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Different online/real life personas

(10 Posts)
Yellowaardvark Fri 19-May-17 09:08:32

Does anyone else struggle with people who do this? I don't quite get it and like to think I am relatively consistent between talking to someone online and in real life probably because I don't think before I type

I have this with a couple of people.

One is a friend who is always online - we have rolling conversations all the time, but when we hang out they are distracted and disinterested. Sometimes when I see them I find myself not actually telling them things then doing so later when we're not together.

Another is a friend that I have quite regular, serious, deep conversations with online but they are much more resistant to actually hanging out than I would like - often busy, but have lots of time to chat online. After not seeing them for a period and actually spending time together it almost felt like there were two different friendships.

What's this about??? I suppose I don't understand as I wouldn't invest time into someone online than I wouldn't in real life. Do any of you find yourself doing this?

PastoralCare Fri 19-May-17 09:17:24

Their true self is the online one. That's because there are no social filters, they can hide (or have the illusion of being hidden).

In person, people tend to be more on their guards and put on a mask to fit social norms.

This has been proven time and time again. If you ask people whether they are racist only a tiny minority will admit they are. But internet searches show that this number is far higher.

If you ask people if they treat their sons and daughters equally they will say they do. And yet, there are twice as many searches for

"is my boy gifted"
than for
"is my girl gifted"

Research on content posted on facebook shows that people curate their image. Everyone is simply splendid on there.

So yes, it is not usual to feel like there is discrepancy between online and offline personalities.

Yellowaardvark Fri 19-May-17 11:21:42

That's really interesting pastoral. I wonder where that leaves on line dating though?

HildaOg Fri 19-May-17 11:28:04

Some people find it easier to write what they're feeling and thinking rather than speak it. I've been on dates with men who are so articulate, eloquent and interesting in text, then in real life awkward and incapable of conversation.

Usernamealreadyexists Fri 19-May-17 11:35:09

Very interesting question. I will be meeting someone for the first time after emailing for 13 years (I kid you not). We knew each other at uni but never saw each other after that but corresponded very regularly for a very long time. I have no idea what to expect...

Margo3791 Fri 19-May-17 11:37:46

I find that the online/offline duplicity really off putting. Whenever I sense that a person doesn't make an effort to give in real life all the attention, time and energy they put online, I'm not that interested in having them in my life.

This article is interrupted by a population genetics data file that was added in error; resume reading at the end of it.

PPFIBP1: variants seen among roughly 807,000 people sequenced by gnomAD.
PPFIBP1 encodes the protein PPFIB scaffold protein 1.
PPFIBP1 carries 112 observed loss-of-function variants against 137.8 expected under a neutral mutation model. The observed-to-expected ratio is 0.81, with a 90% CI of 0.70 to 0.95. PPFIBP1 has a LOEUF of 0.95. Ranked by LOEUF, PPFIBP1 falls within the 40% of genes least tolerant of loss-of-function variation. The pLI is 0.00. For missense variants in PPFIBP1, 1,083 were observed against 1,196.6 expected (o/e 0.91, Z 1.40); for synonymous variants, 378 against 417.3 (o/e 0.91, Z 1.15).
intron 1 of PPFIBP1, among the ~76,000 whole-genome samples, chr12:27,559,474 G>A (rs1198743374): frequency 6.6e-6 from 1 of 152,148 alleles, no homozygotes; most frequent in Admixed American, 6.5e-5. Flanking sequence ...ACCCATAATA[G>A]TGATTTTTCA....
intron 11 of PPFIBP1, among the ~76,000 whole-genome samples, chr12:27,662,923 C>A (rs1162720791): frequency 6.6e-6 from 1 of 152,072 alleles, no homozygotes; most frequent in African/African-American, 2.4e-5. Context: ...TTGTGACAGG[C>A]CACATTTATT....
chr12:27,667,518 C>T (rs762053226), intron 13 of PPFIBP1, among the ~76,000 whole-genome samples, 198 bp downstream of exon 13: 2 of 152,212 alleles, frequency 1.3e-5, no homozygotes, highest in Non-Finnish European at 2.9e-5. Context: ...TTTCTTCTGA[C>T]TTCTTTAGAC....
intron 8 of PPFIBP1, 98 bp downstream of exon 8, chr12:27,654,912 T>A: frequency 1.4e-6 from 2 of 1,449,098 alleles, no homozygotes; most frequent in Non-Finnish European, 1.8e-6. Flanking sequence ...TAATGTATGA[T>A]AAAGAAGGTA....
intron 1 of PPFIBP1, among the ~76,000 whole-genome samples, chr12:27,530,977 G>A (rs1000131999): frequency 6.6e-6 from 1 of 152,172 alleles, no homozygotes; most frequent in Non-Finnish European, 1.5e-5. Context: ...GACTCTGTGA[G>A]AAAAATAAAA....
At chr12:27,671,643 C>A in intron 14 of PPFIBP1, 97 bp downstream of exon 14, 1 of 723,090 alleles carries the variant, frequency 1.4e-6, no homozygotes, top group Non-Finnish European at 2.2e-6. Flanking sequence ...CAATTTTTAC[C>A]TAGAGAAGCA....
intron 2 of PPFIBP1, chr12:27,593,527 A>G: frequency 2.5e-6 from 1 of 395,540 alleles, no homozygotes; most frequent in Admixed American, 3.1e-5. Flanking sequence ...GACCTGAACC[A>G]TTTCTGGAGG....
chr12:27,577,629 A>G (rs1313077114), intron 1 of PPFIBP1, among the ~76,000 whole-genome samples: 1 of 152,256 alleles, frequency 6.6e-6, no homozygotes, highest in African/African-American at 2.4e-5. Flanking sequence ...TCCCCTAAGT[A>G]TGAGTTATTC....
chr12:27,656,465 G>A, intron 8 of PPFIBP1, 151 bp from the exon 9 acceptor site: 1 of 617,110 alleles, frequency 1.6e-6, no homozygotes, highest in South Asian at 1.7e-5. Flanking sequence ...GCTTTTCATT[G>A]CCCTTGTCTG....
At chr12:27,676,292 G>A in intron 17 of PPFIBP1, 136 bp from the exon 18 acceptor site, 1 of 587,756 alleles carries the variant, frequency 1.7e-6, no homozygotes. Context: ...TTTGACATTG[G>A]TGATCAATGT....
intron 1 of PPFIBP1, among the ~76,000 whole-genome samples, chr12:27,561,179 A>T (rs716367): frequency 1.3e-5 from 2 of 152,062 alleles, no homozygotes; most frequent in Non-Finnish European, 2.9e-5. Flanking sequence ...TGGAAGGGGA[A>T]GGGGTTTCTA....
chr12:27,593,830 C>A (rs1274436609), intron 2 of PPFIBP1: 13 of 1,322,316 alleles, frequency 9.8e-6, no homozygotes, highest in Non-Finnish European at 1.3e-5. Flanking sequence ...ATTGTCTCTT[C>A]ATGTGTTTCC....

I have colleagues like that. I've seen people being really unfriendly and moody in real life, but all connected, charming and friendly in the online world.

I tend to stick to the real world and I'm happier that way. But then not everybody is the same.

HotNatured Fri 19-May-17 13:53:17

V interesting thread. It's so disappointing, but v common, to go on a date with someone who is a keyboard comedian of hilarious proportions only to be faced with Mr Dullard of Dullsville. It's like they were paying someone to be their witty online persona

Girlywurly Fri 19-May-17 14:48:17

I'm like this. Quite bookish and wordy so am in my element when texting. In person I can be quite shy and awkward.

I, like most who have done OLD, have experienced that dry, awkward date with someone with whom I'd shared an amazing online rapport.

I think the only way to get round it is to get on the phone or meet in person within the first week or two, before you've had a chance to get all caught up in messaging one another. Texting, emailing, whatsapping etc mean nothing - but it's all too easy to get swept up in a fantasy of what could be.

LesisMiserable Fri 19-May-17 18:12:06

I dont think its intentional. I think some people are just very eloquent in print/text.

Yellowaardvark Sat 20-May-17 00:43:51

Usernamealreadyexists that will be so interesting!

Back in the olden days I had a pen pal for 5 years - between the ages of 13 and about 18. We wrote all the time and had long conversations on the phone about all sorts of things. Then, when I moved to her city, we didn't even see each other once so of course lost touch. Even at the time I felt a little sad about it and didn't really understand.

I've not done OLD but imagine this would make it hard. I've had that dry, awkward conversation with friends after a time apart too so get a sense of what you mean.

Maybe it's about how you choose to use your time as well? I mean I am hardly going to hang out with a friend at 10pm when I'm in my PJs, but I can chat to someone online then, esp if they're in a different time zone. In a way it's easier than actually meeting up.

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